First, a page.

For readers interested in really engaging with the historical depth of the conflicts in Sudan and South Sudan, The Root Causes of Sudan’s Civil Wars by Douglas H Johnson should be required reading, says Richard Stupart.


There are few, if any, contemporary historians as well versed in the history of the Sudans as Douglas H. Johnson, and this sixth edition of an already comprehensive history of the region extends what was already an important book for those studying the Sudans. As the political and humanitarian situation in South Sudan continues to deteriorate year after depressing year, and an unrepentant Sudan eagerly hopes to be let in from the cold of international sanctions, this revised edition is a welcome reminder of the history of the two nations. It serves as an outline for the reader of both the extraordinarily fractured nature of the many conflicts in the contemporary Sudans and their deep historical contexts. Root Causes is an antidote to viewing the countries’ modern antagonisms solely through lenses of tribe, religion or the economics of oil.

The book begins with a background to British rule in the Sudans in 1899, and proceeds chronologically up to the massacres that took place in Juba during December 2013 that marked South Sudan’s de facto fall into civil war. Root Causes is an expansive historical tour of the history of the north-south tension that ultimately fractured Sudan, with admirable attention paid in the latter part of the book to exploring something of the contemporary history of the ‘three areas’ (Abyei, South Kordofan and Blue Nile) that emerged as political splinters from the 2005 Comprehensive Peace Agreement. The agreement that, as the cliché goes, was neither comprehensive, agreed, nor able to produce meaningful peace. While not as thorough in its handling of each of the three areas as, say, Totten & Gryzb’s Conflict in the Nuba Mountains: From Genocide by Attrition to the Contemporary Crisis, links between the three areas and the broader dynamics of the Sudans’ internal politics are well drawn.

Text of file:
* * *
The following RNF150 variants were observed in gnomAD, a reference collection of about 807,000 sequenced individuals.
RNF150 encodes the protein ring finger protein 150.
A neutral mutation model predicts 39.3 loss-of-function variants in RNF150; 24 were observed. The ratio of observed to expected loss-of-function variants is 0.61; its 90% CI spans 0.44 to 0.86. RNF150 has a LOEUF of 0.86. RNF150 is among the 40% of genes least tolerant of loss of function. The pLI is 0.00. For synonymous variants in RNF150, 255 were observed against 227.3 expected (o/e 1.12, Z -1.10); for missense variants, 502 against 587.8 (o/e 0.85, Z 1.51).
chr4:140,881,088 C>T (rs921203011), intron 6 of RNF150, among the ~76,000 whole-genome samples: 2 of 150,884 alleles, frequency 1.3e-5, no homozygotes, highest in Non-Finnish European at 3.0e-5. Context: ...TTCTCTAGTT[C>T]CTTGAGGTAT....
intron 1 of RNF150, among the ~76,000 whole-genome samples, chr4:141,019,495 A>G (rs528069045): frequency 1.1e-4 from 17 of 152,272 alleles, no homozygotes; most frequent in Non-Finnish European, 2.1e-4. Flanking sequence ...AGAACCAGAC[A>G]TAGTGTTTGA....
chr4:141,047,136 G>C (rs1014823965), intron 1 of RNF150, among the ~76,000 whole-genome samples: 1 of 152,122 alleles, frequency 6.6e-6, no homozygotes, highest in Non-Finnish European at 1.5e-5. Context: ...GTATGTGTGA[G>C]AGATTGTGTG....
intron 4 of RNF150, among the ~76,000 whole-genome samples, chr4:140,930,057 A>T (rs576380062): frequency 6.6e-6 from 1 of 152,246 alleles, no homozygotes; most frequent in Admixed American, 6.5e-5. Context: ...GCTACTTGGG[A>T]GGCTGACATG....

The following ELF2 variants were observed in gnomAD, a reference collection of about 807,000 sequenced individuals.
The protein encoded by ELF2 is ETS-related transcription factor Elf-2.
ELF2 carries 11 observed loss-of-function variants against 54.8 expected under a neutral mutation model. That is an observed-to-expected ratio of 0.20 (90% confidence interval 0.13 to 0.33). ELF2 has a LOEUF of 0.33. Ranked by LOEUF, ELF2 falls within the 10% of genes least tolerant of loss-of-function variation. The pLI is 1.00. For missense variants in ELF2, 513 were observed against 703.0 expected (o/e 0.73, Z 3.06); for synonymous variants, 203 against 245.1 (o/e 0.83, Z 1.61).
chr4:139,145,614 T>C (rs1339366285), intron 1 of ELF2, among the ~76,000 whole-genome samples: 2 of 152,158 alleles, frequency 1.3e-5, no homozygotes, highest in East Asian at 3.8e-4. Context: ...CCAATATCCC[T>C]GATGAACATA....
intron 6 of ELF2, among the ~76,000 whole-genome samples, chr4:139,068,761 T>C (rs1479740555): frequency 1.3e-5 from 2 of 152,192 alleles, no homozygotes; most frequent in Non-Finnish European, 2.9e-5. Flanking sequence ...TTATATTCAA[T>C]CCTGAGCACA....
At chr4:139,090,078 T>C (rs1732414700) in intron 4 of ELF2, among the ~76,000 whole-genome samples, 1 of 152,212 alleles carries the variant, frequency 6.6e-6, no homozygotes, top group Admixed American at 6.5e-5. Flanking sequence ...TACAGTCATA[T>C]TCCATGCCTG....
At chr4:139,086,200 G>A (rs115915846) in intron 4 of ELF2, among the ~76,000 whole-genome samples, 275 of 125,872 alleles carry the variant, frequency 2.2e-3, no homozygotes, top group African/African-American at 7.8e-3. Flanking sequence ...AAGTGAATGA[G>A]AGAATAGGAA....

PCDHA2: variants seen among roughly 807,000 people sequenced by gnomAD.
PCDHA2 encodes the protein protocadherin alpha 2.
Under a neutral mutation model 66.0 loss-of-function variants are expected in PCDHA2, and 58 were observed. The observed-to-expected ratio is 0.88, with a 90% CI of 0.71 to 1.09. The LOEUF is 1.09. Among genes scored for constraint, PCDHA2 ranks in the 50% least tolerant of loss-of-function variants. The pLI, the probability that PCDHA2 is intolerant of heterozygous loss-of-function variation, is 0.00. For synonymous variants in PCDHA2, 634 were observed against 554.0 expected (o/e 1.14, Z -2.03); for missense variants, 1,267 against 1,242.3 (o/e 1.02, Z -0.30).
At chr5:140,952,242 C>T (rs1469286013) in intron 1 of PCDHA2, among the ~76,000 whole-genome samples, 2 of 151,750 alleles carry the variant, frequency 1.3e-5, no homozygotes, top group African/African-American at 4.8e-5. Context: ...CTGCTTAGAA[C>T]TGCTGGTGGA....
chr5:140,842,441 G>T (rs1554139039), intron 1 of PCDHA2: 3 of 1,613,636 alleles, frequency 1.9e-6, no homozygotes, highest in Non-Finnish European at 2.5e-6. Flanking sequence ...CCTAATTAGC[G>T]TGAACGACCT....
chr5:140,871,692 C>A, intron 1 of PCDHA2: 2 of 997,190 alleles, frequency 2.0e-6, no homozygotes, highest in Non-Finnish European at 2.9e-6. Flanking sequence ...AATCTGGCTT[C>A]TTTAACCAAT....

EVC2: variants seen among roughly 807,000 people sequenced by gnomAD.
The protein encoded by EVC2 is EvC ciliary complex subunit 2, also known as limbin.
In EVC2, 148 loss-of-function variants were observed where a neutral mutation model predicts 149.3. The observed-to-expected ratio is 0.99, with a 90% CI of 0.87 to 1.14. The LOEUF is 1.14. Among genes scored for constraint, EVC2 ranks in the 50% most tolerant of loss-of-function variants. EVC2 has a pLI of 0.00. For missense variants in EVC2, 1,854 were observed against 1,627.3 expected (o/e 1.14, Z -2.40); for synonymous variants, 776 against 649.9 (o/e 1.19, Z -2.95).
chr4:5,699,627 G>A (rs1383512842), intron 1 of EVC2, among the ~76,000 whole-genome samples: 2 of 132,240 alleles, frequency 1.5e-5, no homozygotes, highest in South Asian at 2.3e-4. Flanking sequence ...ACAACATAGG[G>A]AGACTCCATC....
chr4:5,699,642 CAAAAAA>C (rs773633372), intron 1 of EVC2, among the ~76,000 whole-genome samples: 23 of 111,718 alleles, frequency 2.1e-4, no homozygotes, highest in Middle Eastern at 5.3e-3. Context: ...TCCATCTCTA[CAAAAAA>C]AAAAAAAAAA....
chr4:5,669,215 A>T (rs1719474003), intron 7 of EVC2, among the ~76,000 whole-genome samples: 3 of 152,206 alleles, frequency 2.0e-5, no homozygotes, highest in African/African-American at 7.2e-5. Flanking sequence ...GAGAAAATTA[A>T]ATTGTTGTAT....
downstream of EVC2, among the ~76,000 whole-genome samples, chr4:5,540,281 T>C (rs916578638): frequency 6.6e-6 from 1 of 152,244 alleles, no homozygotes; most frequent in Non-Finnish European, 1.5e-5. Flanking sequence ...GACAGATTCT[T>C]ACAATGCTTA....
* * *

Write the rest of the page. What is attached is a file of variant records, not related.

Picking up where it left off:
The book explores in detail the nationalist politics of Khartoum, and the development of the combination of land dispossession and Islamic nationalism that came to characterise the relationship between Sudan’s centre and its periphery. Yet Douglas – perhaps in the manner of a meticulous historian – refuses to yield to a simple account of conflict in the Sudans that rests on this dynamic alone. Whether through detours into the roles of Uganda and Ethiopia in supporting rebellion, or the career histories of recognisable characters such as John Garang, Salva Kiir or Jafaar Nimairi, Root Causes does not skimp on specific detail when the opportunity presents itself.

As a result, the book will make tough reading for non-academic audiences, compared to, say, Mukash Kapila’s popular-press Against a Tide of Evil. But for readers interested in really engaging with the historical depth of the conflicts in Sudan and South Sudan, Root Causes should be required reading. There’s simply no comparable account of how the forces shaping the contemporary Sudans developed historically.


The root causes of Sudan’s Civil wars. Douglas H Johnson. James Currey. 2016

Richard Stupart (@wheretheroad) is a PhD researcher at the LSE. His primary research interests are media representation and humanitarian response, empathy and duty to distant suffering, and practices of bearing witness in conflict reporting. Richard’s work has included reporting on post conflict recovery in northern Uganda, critiques of humanitarian response, and research periods in South Sudan and the eastern Democratic Republic of Congo


The views expressed in this post are those of the author and in no way reflect those of the Africa at LSE blog or the London School of Economics and Political Science.